• The temperature at a given spot on earth varies in time.
  • The score of a given student at the weekly quizzes and homework assignments varies from week to week.

We will forget here that the set $\Omega$ itself can change over time.

Time gives a third dimension to data analysis (corresdonding to the notion of axis in Pandas).

dimension 1 = population individuals (data frame rows)
dimension 2 = population variables (data frame columns)
dimension 3 = observation times (third dimension!)

To encode time in our analysis, we can think of the population variables as depending on time:

$$X:O\times \mathbb{R} \longrightarrow A,\quad (\omega,\,t)\longrightarrow X_t(\omega)\in A,$$

where $A$ is the set of possible values of the variable $X$, and where

$X_t(\omega)$ is the value of the variable $X$ for individual $\omega$ observed at time $t$.

Example: Consider again the professor question that we saw above:

  • Can I identify which of my students have improved in class, and which have regressed?

So here the right population to consider is again the population $\Omega$ of all the class students.

The relevant variables that may help us answer this question must somehow depend on time. Here are two:

  • The weekly quiz scores $Q$

  • The weekly homework scores $H$

Both of these variables have a value depending on which week we are observing the quiz or homework score.

We have 12 weeks in a semester, which gives us a kind of discrete time:

$T =\{1,2,3, \dots, 12\},$

where the number $i$ denotes the $i^{th}$ week of instruction.

So both variables take a time $t\in T$ and student $\textrm{Bob}\in\Omega$ and yield back two values:

$$Q_t(\textrm{Bob})\qquad \textrm{and}\qquad H_t(\textrm{Bob})$$

which are respectively, the score of Bob at the quiz and homework assignment of week $t$.

Answering the professor question will thus involve a kind of temporal analysis of this two variables for example.

We will come back to that late. For now, just keep in mind that your question or problem may involve a temporal aspect, whose analysis will necessite particular methods. You need to be aware of that and to be able to recognize any temporal aspect in your clas project question or problem. This will determine the type of data you'll need to gather and the type of analysis you'll need to perform on it.

Determining the ideal data set for your problem

Suppose you have a certain question you'll wish to answer using data anlysis techniques;.

Your first order of business is to identify the tree dimensions that your problems involves.

You'll need to dertermine:

  • What is the population $\Omega$ relevant to the problem?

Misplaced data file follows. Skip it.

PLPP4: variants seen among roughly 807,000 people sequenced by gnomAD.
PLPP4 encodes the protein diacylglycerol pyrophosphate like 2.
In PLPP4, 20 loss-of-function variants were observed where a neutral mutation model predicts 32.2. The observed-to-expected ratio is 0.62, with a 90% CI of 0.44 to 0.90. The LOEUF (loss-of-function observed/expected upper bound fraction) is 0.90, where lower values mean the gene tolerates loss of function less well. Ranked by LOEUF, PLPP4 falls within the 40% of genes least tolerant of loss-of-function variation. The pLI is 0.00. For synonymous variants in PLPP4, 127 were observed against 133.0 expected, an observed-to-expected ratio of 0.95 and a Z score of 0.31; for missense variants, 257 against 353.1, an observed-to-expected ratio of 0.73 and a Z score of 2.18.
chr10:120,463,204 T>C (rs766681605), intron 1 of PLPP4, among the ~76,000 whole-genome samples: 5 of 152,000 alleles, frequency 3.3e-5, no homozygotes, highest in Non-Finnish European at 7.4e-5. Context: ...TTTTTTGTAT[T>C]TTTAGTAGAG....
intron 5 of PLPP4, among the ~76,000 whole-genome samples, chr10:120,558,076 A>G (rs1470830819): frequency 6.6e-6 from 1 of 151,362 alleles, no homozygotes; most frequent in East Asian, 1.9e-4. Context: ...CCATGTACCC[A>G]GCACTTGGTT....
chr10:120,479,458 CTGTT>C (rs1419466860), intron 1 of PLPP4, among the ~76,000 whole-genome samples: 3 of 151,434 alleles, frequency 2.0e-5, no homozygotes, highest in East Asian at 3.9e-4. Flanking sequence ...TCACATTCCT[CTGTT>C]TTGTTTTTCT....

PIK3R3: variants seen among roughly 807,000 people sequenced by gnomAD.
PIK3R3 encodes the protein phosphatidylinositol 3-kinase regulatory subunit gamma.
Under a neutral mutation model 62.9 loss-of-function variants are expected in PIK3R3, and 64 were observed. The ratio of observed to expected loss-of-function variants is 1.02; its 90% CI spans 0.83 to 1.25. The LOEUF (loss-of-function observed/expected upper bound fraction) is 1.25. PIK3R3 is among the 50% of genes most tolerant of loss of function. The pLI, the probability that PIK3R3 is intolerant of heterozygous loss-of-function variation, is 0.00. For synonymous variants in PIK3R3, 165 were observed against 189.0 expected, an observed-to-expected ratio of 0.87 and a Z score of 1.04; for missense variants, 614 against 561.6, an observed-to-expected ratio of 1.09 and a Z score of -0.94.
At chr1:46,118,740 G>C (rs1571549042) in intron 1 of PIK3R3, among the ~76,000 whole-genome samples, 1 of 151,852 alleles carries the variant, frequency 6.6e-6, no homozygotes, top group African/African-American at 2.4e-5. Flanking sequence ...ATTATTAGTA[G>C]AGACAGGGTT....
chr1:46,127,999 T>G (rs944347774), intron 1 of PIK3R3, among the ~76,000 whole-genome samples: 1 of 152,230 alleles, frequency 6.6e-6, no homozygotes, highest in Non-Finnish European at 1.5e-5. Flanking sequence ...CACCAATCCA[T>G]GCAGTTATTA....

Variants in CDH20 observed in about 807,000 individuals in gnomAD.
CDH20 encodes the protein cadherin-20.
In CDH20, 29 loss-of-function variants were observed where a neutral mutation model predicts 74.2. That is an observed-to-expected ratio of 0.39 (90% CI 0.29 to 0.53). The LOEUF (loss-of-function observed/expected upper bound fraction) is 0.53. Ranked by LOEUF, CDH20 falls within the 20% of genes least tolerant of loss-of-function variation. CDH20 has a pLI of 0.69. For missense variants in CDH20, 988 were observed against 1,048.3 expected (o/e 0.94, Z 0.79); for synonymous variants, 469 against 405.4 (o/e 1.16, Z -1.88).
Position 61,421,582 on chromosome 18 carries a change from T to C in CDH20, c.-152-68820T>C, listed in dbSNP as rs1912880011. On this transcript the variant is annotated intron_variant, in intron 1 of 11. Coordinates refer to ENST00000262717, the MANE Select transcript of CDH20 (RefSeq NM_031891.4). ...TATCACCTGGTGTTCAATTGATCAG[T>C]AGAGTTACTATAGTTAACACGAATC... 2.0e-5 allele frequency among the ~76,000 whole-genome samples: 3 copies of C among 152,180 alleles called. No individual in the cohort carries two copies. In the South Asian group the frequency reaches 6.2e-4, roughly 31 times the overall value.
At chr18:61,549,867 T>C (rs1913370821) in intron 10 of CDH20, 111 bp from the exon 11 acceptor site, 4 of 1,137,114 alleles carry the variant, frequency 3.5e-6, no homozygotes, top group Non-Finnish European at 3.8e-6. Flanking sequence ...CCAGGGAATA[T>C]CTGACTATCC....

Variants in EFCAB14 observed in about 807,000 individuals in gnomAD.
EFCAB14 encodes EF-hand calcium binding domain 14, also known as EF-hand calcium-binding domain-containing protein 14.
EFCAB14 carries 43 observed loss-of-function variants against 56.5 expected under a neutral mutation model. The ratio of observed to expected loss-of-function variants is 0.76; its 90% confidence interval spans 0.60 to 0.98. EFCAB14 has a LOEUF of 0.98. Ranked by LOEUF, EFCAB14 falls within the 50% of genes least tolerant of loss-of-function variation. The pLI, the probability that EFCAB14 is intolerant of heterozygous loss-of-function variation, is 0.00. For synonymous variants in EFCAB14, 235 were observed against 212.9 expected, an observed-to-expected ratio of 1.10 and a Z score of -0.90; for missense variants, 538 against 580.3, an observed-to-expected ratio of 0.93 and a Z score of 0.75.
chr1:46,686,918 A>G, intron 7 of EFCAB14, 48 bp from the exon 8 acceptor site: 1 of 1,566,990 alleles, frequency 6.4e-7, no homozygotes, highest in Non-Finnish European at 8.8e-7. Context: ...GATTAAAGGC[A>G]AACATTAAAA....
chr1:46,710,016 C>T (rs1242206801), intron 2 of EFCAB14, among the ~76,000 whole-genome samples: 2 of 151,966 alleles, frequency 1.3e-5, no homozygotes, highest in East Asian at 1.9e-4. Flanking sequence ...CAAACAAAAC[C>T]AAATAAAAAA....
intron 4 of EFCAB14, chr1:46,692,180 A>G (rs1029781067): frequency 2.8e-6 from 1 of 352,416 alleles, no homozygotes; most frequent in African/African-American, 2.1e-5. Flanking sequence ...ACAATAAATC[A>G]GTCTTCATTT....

• What are the population variables $\{X_1,\dots, X_n\}$ relevant to the problem?
  • What is the time frame $T\subset \mathbb{R}$ relevant to your problem?

Example: Suppose you are environemental scientist, and you'd like to settle the question about the earth global temperature increasing. As rough simplification, you may take your population $\Omega$ to be all the points at the surface of the earth: i.e. all the points $(\theta, \gamma)$ describing a location on the earth by giving a longitude $\theta$ and latitude $\gamma$. The variable of interest here is the temperature $T_t(\theta, \gamma)$ at a given location $(\theta, \gamma)$ at a given time $t$.

A field expert may advice us to enlarge our population by considering all the points not only on the surface of the earth, but also those in a small layer of the earth atmosphere. This expert for good reason, but unknown to us, may also suggest other variables to take into consideration. This is exactly at this point of the data analysis that field expertise is crucial.

Another aspect that we must consider here is the time-frame relevant to our problem: Are we considering a period of 10 years, 50 year, 500 years, 500000 years? Again, the field expert will tell us, but we need to be aware that this issue must be addressed.

Remark: Your problem may or may not involve all of the three dimensions, but you need to be very clear about what dimensions are involved at the beginning of your project. Problems involving all the 3 dimensions will be most probably be much more challenging than those, where only one or two dimensions are relevant.

This increased complexity has two reasons:

  • Practical reason: it's harder (if not impossible in certain cases) to collect data along all the three axes
  • Theoretical reason: you may need to perform data analysis for each of the axis: a population analysis, a variable analysis, and a temporal analysis.